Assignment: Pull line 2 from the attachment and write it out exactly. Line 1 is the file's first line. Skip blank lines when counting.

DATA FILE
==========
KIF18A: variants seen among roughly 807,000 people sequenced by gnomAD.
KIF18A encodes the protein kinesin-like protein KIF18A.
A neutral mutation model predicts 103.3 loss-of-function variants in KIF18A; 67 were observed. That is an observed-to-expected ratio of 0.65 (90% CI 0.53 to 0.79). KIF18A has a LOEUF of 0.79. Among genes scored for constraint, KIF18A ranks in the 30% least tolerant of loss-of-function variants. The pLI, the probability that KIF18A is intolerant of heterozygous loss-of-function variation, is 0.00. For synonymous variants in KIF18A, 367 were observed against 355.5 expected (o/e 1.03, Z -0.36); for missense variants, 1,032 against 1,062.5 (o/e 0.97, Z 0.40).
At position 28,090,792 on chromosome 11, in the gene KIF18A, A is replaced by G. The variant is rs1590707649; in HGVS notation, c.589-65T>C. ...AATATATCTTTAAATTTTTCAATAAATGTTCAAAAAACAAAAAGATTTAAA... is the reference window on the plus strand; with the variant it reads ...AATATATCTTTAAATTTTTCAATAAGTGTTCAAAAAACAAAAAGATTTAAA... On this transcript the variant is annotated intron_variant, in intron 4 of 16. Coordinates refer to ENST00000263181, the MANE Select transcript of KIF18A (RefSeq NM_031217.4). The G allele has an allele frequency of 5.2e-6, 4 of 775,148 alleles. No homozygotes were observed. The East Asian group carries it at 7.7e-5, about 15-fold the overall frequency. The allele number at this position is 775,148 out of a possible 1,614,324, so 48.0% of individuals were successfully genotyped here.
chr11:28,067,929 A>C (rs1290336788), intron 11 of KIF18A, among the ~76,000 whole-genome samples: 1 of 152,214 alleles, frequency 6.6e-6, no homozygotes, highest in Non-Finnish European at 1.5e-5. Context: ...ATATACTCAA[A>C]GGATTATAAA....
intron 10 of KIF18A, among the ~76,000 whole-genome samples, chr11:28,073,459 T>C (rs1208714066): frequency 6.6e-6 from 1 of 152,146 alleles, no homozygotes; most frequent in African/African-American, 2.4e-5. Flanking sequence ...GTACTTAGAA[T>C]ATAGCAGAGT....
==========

KIF18A encodes the protein kinesin-like protein KIF18A.